Improving data quality and reproducibility (Part 4): Heat and dry air reduce pipette accuracy

Jul 06, 2016

data qualityIn this, the last of our four-part series on how the environment affects pipettes, a team of Artel scientists set out to visit one of the hottest and driest places on earth to see how bad it can get.  Death Valley National Park is an ideal place to investigate the effect of dry heat on pipetting accuracy.  Here the team found that the combination of high temperature and low humidity dramatically alters pipette performance, and thus data quality.  Based on these Death Valley experiments, the effect of seasonal humidity and temperature variations are discussed.

This blog post summarizes the findings; be sure to read the full Extreme Pipetting Expedition article for complete details on the magnitude of pipetting performance variability in dry heat.

When it’s hot and dry, pipettes under-deliver

Under the extreme conditions the team encountered in Death Valley, 44 °C (111 °F) and 7% relative humidity, pipettes delivered much lower than their calibrated volume. Pre-wetting is promoted as a way to mitigate this effect.  While pre-wetting did improve pipetting performance, it could not completely eliminate inaccuracies under these extreme conditions (Figure 1).

Figure 1. The effects of heat, humidity and pre-wetting on liquid transfer accuracy
using a 20 µL pipette.

Why so much under-delivery of sample?

The effect measured at Death Valley is due to evaporation inside the pipette tip during sample aspiration. When an empty pipette tip is immersed into a sample, an amount of air is isolated inside the tip.  During aspiration, some of the sample fluid evaporates within the tip.  This evaporation increases the total volume of the gas inside the pipette tip and reduces the amount of liquid which is aspirated.

Pre-wetting raises the humidity level inside the tip and improves accuracy, but does not completely mitigate the evaporation effect. Since pre-wetting does not completely eliminate under-delivery errors, it is important to calibrate pipettes in the same conditions as the laboratory where they are used.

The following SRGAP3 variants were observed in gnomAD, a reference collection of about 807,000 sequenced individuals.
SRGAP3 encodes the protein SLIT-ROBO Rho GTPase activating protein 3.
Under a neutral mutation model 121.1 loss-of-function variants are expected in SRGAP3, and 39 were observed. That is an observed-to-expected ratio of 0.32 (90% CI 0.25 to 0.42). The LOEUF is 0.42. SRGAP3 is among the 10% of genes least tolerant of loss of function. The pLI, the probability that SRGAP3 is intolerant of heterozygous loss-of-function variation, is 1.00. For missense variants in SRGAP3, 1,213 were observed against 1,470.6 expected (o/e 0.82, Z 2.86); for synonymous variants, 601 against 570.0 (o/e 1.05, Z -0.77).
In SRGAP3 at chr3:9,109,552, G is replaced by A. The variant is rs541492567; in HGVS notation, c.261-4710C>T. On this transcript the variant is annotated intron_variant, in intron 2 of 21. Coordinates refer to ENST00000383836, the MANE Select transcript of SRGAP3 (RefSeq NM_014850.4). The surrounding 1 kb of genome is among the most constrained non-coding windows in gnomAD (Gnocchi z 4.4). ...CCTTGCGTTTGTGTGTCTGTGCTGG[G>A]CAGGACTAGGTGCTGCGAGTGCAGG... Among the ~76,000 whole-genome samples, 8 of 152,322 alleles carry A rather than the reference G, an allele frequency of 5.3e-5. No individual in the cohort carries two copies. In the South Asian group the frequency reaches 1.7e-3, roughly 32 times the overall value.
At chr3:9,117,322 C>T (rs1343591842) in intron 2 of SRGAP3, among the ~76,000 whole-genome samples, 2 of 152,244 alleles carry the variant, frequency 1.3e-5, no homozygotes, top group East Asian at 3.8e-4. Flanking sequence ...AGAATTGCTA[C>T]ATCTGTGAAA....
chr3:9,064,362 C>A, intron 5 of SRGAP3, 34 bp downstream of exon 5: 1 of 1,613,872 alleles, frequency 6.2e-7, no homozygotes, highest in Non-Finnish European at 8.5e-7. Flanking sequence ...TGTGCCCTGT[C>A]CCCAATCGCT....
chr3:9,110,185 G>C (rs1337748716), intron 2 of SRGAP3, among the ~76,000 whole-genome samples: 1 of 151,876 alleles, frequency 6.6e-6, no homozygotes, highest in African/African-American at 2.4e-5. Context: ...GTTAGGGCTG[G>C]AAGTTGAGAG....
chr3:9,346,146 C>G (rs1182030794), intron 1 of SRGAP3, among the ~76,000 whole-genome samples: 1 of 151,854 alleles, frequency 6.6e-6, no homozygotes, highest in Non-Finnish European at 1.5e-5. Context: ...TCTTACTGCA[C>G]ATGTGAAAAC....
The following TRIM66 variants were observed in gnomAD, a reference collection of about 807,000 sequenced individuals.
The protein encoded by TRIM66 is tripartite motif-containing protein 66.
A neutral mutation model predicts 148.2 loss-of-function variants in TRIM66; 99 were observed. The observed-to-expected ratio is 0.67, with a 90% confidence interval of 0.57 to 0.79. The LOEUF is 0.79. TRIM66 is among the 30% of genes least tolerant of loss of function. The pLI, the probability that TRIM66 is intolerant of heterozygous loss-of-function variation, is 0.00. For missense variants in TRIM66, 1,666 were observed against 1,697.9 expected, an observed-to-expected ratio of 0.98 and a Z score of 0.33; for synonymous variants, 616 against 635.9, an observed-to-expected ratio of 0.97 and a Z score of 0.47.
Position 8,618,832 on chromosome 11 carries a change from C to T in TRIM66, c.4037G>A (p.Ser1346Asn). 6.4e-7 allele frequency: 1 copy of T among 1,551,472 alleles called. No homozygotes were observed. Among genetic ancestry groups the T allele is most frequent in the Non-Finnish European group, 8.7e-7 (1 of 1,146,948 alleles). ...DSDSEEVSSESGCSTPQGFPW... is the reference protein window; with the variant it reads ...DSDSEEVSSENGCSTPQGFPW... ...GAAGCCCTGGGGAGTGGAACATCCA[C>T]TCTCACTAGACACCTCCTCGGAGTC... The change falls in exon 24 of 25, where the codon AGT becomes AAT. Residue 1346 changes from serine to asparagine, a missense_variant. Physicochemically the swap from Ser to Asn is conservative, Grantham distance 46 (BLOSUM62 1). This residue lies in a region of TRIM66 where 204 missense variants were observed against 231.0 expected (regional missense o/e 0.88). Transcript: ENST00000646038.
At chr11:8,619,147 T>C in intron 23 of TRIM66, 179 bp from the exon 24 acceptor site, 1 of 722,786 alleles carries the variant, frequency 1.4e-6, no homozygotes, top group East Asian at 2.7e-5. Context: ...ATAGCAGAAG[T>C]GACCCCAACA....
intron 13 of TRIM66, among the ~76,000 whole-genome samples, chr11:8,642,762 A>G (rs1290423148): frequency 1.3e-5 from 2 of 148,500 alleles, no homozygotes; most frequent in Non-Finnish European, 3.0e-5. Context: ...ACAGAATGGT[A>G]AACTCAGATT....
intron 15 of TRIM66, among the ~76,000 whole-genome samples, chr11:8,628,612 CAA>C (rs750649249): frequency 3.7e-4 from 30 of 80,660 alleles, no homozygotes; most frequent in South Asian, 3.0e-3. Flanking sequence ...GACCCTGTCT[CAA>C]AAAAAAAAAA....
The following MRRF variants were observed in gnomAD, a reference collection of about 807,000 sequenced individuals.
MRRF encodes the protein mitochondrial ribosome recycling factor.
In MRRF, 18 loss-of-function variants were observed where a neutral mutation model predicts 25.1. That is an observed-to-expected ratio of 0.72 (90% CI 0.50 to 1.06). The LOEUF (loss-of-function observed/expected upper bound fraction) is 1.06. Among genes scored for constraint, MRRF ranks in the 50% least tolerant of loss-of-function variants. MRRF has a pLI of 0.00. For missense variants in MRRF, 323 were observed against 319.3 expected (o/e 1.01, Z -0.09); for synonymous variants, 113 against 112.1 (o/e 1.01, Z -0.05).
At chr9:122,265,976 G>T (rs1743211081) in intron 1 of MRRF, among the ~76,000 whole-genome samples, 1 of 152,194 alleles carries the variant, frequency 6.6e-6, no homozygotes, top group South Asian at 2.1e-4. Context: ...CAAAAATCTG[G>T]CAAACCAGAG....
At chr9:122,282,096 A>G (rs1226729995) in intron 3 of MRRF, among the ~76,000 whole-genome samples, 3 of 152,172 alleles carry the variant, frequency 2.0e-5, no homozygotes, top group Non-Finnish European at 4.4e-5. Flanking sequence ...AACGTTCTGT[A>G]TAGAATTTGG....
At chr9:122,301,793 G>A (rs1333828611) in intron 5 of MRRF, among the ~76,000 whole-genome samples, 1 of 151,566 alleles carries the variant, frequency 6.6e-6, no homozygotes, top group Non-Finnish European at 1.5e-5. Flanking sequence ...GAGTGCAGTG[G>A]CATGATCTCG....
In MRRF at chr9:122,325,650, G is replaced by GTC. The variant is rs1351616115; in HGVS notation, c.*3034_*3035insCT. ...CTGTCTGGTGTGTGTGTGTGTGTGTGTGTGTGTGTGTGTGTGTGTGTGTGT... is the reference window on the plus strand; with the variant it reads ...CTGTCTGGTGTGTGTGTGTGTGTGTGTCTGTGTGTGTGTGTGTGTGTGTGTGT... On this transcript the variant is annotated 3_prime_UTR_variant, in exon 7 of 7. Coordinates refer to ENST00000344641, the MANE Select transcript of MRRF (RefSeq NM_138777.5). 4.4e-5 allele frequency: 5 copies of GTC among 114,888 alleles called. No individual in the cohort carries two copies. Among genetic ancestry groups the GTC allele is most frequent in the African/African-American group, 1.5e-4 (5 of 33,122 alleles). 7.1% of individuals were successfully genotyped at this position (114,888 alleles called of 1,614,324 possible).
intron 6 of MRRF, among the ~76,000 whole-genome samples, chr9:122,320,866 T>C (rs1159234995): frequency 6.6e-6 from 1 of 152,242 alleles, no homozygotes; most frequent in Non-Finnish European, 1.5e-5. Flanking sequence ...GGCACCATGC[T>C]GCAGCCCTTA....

What does this mean for you and your lab?

Many labs experience seasonal humidity and temperature variations which can affect pipetting performance. Timing the calibration of your pipettes can minimize error due to changes in temperature and humidity. The key factors to consider:

  1. when your pipettes are calibrated with respect to seasonal humidity levels, and
  2. what the environmental conditions are in the calibrating lab.

For example, if your pipettes are calibrated in the winter when relative humidity is low, you may want to re-calibrate in the summer, when humidity is higher. In addition, if your pipettes are sent for off-site calibration, you should compare the humidity levels (and temperature) in the calibrating lab to your own laboratory conditions. Be sure that calibrations are performed under conditions that closely resemble the environmental conditions in your own lab.

Additionally, these studies highlight the importance of pre-wetting to minimize the effects of temperature and relative humidity. Pre-wetting clearly helped decrease variability, which may be sufficient to keep your assay data within acceptable performance metrics.

The complete picture

The data presented here are only a subset of all the conditions tested during the Death Valley research trip. To see all the data and conditions, read the full Extreme Pipetting Expedition article: The effect of dry heat on laboratory data.


Additional Resources


About the Author

George Rodrigues, Ph.D.

George Rodrigues, Ph.D., is Senior Scientific Manager at Artel, the global leader in liquid delivery quality assurance. Rodrigues is responsible for developing and delivering communications and consulting programs designed to maximize laboratory quality and productivity through science-based management of liquid delivery. Rodrigues is Artel’s chief representative to key commercial clients, government regulatory bodies and industry organizations. His speaking and teaching engagements, along with his publications, build awareness of the challenges and solutions for laboratories in maintaining data integrity and confidence in their testing protocols. He plays a key role in developing the manufacturing and quality assurance processes for Artel products and organizes programs to assist pharmaceutical, biotechnology and clinical laboratories in improving their liquid delivery quality assurance and analytical process control. Rodrigues earned his BS in Chemical Engineering at the U.C. Berkeley, and a PhD in Chemical Engineering at the University of Wisconsin.